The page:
These three boys are quite the trio! They all have strong personalities, so it’s definitely a challenge for them to work together, but they are doing a fantastic job! Their trio is part of the Keyboard Ensemble Series: Camptown Races, Arr, by Carrie Kraft.
I paired Noelle with Luke because I knew she’d be willing to help him figure out his notes and rhythms, and because she could easily learn and play the teacher accompaniment. They are playing the really cool-sounding Important Questions, from Simply Silly Duets by Kevin and Julia Olson.
One of the other activities we are doing each day of Piano Camp is improvising. I start out by having all the students play the pentascale, chord progression, and arpeggio of a given key. We do this several times all together. Then, I play an accompaniment CD and they play along with the CD.
After one run-through, I let them choose what order they want to play the various elements in (scale, arpeggio, etc.) as long as they stay on beat and try to match the style and character of the accompaniment. I conduct while they play and give them a signal leading into the final measure so that we all end together.
I have a couple of students at the piano, a couple at one keyboard, one at another keyboard, one on the bells, and one on the xylophone. After a couple times through, they all switch to a different instrument, and those on the keyboards can select another orchestral instrument for their sound setting. (The ones on the xylophone and bells just play the chord root or the chord shell during the chord progressions.)
By Thursday and Friday, I should be able to let them do a full-fledged improvisation in the key, but for now it helps to give them some structure within which to play. Either way it’s a lot of fun and sounds pretty cool!
Since I’m holding Piano Camp this week, I thought I’d give you a look into what we do each day. You can see the outline of my objectives for the week on the post Working on Piano Camp Lesson Plans. Not surprisingly, some of the activities took a little longer than I anticipated, so we didn’t get to everything that I had planned. We couldn’t believe how fast the time flew by! I’ll try to post pictures from several of our activities each day. Here are a few from today:
Here’s a snapshot of the workbooks I put together for each student. Once all the pages were printed, I three-hole punched them and then fastened them in these colorful folders. We’ll be working out of these each day, and then the students will be allowed to take them home at the end of the week to complete additional worksheets and activities that we have to skip or leave incomplete due to time constraints.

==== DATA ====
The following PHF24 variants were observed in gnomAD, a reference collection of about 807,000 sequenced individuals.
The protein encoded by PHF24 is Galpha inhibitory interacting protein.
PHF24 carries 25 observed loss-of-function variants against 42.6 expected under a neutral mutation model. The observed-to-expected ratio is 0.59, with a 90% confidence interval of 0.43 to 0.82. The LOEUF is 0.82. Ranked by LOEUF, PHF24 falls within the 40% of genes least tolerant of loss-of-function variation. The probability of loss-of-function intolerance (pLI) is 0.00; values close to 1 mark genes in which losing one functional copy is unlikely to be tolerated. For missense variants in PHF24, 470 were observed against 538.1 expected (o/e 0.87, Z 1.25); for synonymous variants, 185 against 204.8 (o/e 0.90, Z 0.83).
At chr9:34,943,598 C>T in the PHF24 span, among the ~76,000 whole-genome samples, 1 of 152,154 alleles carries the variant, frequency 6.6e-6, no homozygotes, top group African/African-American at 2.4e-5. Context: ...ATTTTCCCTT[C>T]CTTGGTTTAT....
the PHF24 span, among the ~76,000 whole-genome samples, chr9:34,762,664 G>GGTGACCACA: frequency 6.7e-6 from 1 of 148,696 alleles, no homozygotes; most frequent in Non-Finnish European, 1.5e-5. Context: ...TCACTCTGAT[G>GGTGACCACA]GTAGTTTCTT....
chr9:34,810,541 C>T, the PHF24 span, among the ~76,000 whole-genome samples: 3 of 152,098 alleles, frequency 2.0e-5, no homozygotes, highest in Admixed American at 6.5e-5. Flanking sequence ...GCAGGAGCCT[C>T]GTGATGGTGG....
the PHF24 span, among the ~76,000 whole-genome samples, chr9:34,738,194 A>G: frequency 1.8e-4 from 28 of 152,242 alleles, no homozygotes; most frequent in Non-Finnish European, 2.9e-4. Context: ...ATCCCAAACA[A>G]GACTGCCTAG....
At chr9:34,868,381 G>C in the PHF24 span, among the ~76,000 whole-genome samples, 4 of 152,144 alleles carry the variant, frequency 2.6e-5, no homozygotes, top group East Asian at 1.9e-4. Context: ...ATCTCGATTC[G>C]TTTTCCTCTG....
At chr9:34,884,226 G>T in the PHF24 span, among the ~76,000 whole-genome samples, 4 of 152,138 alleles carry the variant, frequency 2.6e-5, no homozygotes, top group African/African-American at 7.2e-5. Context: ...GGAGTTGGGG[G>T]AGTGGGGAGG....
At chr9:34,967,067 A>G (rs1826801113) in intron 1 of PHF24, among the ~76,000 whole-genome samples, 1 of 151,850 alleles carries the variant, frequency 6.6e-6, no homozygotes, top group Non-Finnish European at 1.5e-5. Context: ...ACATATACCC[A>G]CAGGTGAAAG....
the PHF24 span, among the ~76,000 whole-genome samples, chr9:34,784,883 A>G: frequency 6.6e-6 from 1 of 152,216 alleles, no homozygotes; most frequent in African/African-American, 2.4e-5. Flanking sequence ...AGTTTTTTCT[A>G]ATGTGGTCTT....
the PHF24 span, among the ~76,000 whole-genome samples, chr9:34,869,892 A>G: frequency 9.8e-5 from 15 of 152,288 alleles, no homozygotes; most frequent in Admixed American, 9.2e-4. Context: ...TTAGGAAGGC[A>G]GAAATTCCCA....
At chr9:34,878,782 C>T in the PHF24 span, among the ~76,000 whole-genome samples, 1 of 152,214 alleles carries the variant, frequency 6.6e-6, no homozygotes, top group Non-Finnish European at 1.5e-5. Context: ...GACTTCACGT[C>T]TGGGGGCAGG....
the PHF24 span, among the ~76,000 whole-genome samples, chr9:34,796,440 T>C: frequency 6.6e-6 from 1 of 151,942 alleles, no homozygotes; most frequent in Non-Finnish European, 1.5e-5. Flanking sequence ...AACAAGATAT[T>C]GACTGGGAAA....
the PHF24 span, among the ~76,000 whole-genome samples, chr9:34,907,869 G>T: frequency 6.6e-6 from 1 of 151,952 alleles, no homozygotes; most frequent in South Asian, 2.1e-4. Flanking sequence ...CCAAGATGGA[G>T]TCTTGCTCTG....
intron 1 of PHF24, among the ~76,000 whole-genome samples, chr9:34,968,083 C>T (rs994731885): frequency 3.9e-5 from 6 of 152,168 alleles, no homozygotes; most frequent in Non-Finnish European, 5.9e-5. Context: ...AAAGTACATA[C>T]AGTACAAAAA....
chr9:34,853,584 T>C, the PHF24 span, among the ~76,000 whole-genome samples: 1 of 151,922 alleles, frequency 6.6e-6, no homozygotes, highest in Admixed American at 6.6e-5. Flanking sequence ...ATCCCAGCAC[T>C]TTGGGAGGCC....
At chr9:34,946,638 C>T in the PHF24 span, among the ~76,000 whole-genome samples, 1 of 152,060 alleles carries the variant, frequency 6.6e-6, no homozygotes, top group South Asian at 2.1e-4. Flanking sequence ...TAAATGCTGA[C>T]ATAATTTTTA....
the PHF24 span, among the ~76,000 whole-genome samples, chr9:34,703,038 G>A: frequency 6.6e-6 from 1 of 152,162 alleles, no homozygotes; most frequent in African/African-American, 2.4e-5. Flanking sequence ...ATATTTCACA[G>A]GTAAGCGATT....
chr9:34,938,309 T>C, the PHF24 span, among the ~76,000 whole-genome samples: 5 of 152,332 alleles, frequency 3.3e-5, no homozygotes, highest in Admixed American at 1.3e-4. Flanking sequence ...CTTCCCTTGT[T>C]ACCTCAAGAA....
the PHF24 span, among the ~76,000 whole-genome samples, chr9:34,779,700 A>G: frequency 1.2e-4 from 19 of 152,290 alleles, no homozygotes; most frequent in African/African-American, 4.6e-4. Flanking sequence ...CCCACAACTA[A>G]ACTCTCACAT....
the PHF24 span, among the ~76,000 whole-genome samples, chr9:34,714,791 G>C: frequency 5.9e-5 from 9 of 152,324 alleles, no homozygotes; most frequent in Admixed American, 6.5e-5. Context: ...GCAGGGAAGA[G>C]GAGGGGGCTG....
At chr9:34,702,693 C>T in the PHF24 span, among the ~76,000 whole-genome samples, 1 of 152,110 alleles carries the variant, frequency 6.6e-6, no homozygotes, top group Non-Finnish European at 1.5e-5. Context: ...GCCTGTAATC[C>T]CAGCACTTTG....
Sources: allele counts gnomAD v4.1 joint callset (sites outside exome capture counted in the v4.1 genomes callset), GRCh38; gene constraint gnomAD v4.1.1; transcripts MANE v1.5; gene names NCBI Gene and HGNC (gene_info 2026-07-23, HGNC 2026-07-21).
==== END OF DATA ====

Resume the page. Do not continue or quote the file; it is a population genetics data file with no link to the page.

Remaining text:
The first activity today was the assignment for each student to draw a diagram of the piano keyboard – as accurately as they could based on their memory/knowledge of how many keys, etc. This was a good intro into discussing what keyboard topography is and why it’s important. We also discussed the history and design of the piano in more detail.
Our next activity is what I called “The Blindfold Challenge.” Each student took his/her turn sitting at the piano with the blindfold and had to play groups of either two black keys or three black keys up and down the keyboard. The goal was to be as smooth and accurate as possible. This was a challenge, but they all did a great job coming up with various strategies to help with accuracy and fluidity!
This weekend, I’ve been attending our annual state music teachers conference. We’ve had a slate of wonderful musicians and presenters. Here are some pictures with a few notes:
The conference began with Brenda Dillon sharing about the Recreational Music Making program that has been developed in the last several years.
Dr. Robert Weirich gave a masterclass yesterday. My student, Luke, was one of four that played for Dr. Weirich. It was a wonderful experience! I always love attending masterclasses and learning from other teachers – watching their interaction with the students, and their approach for dealing with the problems that they observe.
In the evening, Dr. Weirich gave a lecture recital called “Aaron Copland’s America: Cultural Identity Explored through his Piano Music.”
I’m more familiar with Copland’s orchestral music than his piano music. And for the most part, I prefer his orchestral music, although Dr. Weirich introduced me to some nice piano selections as well.
This morning, Wendy Stevens gave a session on teaching composition to our students. You can find a lot of great material and tips on her new website.
Tony Caramia spent the day with us yesterday and then presented two workshops today. It was fun to meet him in person and find out that he is a Music Matters Blog fan! He’s got a great sense of humor, and of course is a wonderful Jazz musician.
There were numerous other aspects of the weekend, but these are some of the highlights. I love attending our state conference each year! It’s been a great way to connect with teachers from across the state, meet and learn from wonderful presenters, and pick up lots of great teaching ideas! Do any of you attend your state conference? Have you been to any particularly interesting sessions? Or heard any particularly great presenters?